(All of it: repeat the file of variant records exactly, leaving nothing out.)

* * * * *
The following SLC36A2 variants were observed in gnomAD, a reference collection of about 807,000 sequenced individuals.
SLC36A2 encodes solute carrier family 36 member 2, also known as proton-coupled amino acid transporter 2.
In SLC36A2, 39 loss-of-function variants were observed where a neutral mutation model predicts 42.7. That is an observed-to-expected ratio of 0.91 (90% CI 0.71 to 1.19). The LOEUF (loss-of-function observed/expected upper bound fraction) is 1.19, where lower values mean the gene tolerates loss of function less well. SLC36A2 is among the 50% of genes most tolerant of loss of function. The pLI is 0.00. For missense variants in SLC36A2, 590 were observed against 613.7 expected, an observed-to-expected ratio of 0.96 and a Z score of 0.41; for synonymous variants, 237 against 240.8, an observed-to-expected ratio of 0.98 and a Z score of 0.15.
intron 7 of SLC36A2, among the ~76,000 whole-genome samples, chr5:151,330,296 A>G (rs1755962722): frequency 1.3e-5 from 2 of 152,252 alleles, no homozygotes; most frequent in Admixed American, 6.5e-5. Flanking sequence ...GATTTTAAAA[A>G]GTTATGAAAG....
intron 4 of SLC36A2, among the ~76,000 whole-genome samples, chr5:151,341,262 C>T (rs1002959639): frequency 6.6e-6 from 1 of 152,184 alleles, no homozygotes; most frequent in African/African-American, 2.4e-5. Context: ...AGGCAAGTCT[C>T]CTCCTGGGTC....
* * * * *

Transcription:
The following SLC36A2 variants were observed in gnomAD, a reference collection of about 807,000 sequenced individuals.
SLC36A2 encodes solute carrier family 36 member 2, also known as proton-coupled amino acid transporter 2.
In SLC36A2, 39 loss-of-function variants were observed where a neutral mutation model predicts 42.7. That is an observed-to-expected ratio of 0.91 (90% CI 0.71 to 1.19). The LOEUF (loss-of-function observed/expected upper bound fraction) is 1.19, where lower values mean the gene tolerates loss of function less well. SLC36A2 is among the 50% of genes most tolerant of loss of function. The pLI is 0.00. For missense variants in SLC36A2, 590 were observed against 613.7 expected, an observed-to-expected ratio of 0.96 and a Z score of 0.41; for synonymous variants, 237 against 240.8, an observed-to-expected ratio of 0.98 and a Z score of 0.15.
intron 7 of SLC36A2, among the ~76,000 whole-genome samples, chr5:151,330,296 A>G (rs1755962722): frequency 1.3e-5 from 2 of 152,252 alleles, no homozygotes; most frequent in Admixed American, 6.5e-5. Flanking sequence ...GATTTTAAAA[A>G]GTTATGAAAG....
intron 4 of SLC36A2, among the ~76,000 whole-genome samples, chr5:151,341,262 C>T (rs1002959639): frequency 6.6e-6 from 1 of 152,184 alleles, no homozygotes; most frequent in African/African-American, 2.4e-5. Context: ...AGGCAAGTCT[C>T]CTCCTGGGTC....